SPONSORED: Overcoming Addictions and Learning the Language of Recovery

by | Jul. 16, 2013

Everything Else


Imagine trying to give the mind information that could heal it and it looks at the information as a threat to be defended against.

What we really want to hear are these words: cured, healed, fixed, restored. This is what we pray for, hope for, and wish for. We do not want to hear that addiction is a chronic problem that will need to be managed for a long, long time and perhaps until the day one dies.

After spending countless hours treating those who struggle with addictions of all kinds, I am more and more convinced that the answer lies in the Language of Recovery. This language teaches one to incorporate five simple keys into daily life. It is not complicated, and it is by the application of these small and simple things that great change can come about and, most importantly, endure!

The first key is acknowledgement. This means that one needs to quit running from the reality that we live in a world full of temptations. This will not change until the Savior comes again. We do not need to be frustrated or upset by the fact that there are endless triggers and temptations out there. It simply does no good. This is the language that the mind is set up to defend against. The mind wants to fight it and attempt to crush, kill and destroy all the bad out there.  Unfortunately, when one thinks this way the temptations and triggers seem stronger. Nor does it do any good to deny the reality that there are bad things out there.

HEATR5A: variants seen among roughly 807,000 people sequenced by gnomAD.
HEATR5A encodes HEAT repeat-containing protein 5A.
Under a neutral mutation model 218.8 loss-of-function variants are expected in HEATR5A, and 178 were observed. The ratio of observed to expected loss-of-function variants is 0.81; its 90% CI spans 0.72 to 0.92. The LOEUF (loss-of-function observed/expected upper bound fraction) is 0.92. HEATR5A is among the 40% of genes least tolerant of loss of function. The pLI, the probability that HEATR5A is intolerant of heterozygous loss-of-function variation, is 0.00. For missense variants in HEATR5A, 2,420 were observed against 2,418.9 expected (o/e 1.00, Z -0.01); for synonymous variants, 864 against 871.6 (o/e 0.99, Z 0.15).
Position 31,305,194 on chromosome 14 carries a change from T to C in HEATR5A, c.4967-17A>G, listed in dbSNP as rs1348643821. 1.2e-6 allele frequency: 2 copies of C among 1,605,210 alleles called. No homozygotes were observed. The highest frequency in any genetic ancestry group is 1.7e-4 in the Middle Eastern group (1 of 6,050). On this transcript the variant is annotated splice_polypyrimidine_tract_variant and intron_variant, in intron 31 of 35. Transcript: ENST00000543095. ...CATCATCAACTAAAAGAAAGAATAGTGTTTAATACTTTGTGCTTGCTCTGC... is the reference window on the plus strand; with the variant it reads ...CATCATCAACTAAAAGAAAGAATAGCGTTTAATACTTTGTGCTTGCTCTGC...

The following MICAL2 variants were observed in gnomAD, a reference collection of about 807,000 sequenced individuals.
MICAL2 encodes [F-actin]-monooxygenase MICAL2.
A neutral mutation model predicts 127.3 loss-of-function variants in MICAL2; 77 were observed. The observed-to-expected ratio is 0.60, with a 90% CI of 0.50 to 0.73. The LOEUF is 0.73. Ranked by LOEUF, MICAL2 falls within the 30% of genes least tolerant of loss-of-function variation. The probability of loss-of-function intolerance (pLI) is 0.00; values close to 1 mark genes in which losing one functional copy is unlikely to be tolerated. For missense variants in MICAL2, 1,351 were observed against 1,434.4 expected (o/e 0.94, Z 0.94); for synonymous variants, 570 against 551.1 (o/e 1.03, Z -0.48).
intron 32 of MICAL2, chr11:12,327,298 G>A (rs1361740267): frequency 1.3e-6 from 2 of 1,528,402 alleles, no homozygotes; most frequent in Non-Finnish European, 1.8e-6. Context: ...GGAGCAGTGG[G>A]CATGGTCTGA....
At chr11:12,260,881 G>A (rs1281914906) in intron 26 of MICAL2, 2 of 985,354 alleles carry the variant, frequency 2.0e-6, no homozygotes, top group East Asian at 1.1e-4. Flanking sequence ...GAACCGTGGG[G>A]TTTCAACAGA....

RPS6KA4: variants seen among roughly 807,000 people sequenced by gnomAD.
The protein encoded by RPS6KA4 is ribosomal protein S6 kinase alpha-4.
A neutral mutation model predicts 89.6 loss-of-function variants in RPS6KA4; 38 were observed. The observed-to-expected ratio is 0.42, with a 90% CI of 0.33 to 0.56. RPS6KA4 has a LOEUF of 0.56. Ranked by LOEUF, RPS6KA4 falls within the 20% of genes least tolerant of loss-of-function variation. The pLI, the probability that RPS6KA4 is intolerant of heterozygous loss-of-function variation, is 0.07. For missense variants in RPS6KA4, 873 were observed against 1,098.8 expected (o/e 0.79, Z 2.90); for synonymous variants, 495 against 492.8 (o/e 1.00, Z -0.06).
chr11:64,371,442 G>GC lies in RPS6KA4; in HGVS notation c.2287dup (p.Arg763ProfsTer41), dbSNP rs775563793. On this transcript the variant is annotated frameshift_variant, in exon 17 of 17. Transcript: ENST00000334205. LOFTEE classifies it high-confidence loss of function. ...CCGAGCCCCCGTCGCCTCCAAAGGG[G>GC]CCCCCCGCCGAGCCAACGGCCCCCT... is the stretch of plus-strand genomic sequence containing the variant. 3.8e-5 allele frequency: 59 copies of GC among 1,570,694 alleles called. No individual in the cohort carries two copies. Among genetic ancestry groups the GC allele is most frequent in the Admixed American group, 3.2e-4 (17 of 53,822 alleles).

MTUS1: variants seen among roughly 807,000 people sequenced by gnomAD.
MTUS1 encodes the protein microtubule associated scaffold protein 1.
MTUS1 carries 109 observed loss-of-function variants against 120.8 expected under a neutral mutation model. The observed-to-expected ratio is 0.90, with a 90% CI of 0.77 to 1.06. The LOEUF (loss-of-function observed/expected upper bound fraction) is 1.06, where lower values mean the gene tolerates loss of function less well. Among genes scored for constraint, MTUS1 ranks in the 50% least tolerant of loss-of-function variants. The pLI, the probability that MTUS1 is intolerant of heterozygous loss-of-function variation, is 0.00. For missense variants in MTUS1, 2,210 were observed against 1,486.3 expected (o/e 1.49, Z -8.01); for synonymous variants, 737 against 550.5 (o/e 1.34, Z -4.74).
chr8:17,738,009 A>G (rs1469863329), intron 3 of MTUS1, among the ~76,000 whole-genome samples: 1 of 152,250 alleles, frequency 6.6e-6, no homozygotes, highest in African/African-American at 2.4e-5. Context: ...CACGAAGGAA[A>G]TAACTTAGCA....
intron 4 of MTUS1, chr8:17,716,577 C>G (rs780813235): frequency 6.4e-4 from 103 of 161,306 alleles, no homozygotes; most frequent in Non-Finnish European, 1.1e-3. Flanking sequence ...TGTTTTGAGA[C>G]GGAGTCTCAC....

The second key is surrender. What? What do you mean surrender? “I’m not surrendering to anything,” you might say. “With enough faith, I will crush this enemy or disturbing thought. I want it out of my life forever etc.” I have asked addicts many times how often they have said something like this. The answer is always the same: “Hundreds if not thousands of times.” Then I will ask, “And how has that worked for you in the past? Have you been successful in conquering it once and for all?” The answer is always the same, “No.” Then I will ask, “What makes you think it will work now?” The key to surrender is to learn to let temptations be. I know that may sound strange, but when you just let them be they cannot hurt you in any way. It is when you fight them or given them your attention that they become stronger. This is just how the instinctive part of the brain works when threatened in any way. This is also where the addiction lives. It lives in the deep subconscious part of the brain known as the limbic system, where our pleasure centers are mainly found.

The third key is awareness. Awareness means that we need to stay grounded in the present moment more often. It also means that we give proper consideration to the past and the future, two concepts which makes conscious life possible. Both our past and our future are important parts of our stories, but the only time we can every really deal with anything is in the present moment.

We need to be aware of our dependence of God and aware that we live in a world where just around the corner there may be a trigger or temptation. When faced with the temptation, one can learn to stop—and play the tape all the way through. Then gently be reminded of the fact that when it comes to addictive behaviors, “one time is too many and a thousand never enough.”

The fourth key is mindfulness and the fifth key is faith. Being mindful means applying the god given right of agency wherein we can choose for ourselves how we will respond to any situation. We can learn to be more watchful of our thoughts moment by moment. In order to move forward in life, one must have a vision and faith. Choose to believe that things will work out for you or your loved one. Believe that there is a kind, wise Heavenly Father that will move mountains for you if necessary in order for you to make it back to him. Isn’t that what you would do for your child?

For more information on Language of Recovery go to www.innergold.com.

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